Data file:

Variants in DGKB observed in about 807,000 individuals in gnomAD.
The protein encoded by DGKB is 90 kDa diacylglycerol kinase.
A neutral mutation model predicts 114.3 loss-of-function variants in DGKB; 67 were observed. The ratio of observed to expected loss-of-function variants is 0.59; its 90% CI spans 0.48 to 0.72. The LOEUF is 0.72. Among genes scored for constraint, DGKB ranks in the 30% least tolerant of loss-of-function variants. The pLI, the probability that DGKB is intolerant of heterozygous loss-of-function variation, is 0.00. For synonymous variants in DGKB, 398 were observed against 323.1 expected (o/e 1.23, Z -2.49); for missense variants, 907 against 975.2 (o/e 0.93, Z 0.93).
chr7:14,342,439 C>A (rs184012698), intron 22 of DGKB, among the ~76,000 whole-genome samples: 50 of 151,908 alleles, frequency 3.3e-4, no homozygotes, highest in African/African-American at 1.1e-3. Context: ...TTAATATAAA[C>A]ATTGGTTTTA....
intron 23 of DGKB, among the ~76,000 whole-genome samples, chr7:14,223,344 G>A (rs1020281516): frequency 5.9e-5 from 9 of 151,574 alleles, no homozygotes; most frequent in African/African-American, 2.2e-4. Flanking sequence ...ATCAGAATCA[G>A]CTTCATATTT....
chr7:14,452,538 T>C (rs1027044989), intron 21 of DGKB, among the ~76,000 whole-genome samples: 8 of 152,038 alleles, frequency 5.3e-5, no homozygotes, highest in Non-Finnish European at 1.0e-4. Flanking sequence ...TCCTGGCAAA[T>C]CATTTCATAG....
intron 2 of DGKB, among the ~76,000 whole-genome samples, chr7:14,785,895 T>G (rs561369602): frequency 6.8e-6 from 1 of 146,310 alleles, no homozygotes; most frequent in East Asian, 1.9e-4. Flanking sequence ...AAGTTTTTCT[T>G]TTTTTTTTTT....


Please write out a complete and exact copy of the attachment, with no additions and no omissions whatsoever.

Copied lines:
Variants in DGKB observed in about 807,000 individuals in gnomAD.
The protein encoded by DGKB is 90 kDa diacylglycerol kinase.
A neutral mutation model predicts 114.3 loss-of-function variants in DGKB; 67 were observed. The ratio of observed to expected loss-of-function variants is 0.59; its 90% CI spans 0.48 to 0.72. The LOEUF is 0.72. Among genes scored for constraint, DGKB ranks in the 30% least tolerant of loss-of-function variants. The pLI, the probability that DGKB is intolerant of heterozygous loss-of-function variation, is 0.00. For synonymous variants in DGKB, 398 were observed against 323.1 expected (o/e 1.23, Z -2.49); for missense variants, 907 against 975.2 (o/e 0.93, Z 0.93).
chr7:14,342,439 C>A (rs184012698), intron 22 of DGKB, among the ~76,000 whole-genome samples: 50 of 151,908 alleles, frequency 3.3e-4, no homozygotes, highest in African/African-American at 1.1e-3. Context: ...TTAATATAAA[C>A]ATTGGTTTTA....
intron 23 of DGKB, among the ~76,000 whole-genome samples, chr7:14,223,344 G>A (rs1020281516): frequency 5.9e-5 from 9 of 151,574 alleles, no homozygotes; most frequent in African/African-American, 2.2e-4. Flanking sequence ...ATCAGAATCA[G>A]CTTCATATTT....
chr7:14,452,538 T>C (rs1027044989), intron 21 of DGKB, among the ~76,000 whole-genome samples: 8 of 152,038 alleles, frequency 5.3e-5, no homozygotes, highest in Non-Finnish European at 1.0e-4. Flanking sequence ...TCCTGGCAAA[T>C]CATTTCATAG....
intron 2 of DGKB, among the ~76,000 whole-genome samples, chr7:14,785,895 T>G (rs561369602): frequency 6.8e-6 from 1 of 146,310 alleles, no homozygotes; most frequent in East Asian, 1.9e-4. Flanking sequence ...AAGTTTTTCT[T>G]TTTTTTTTTT....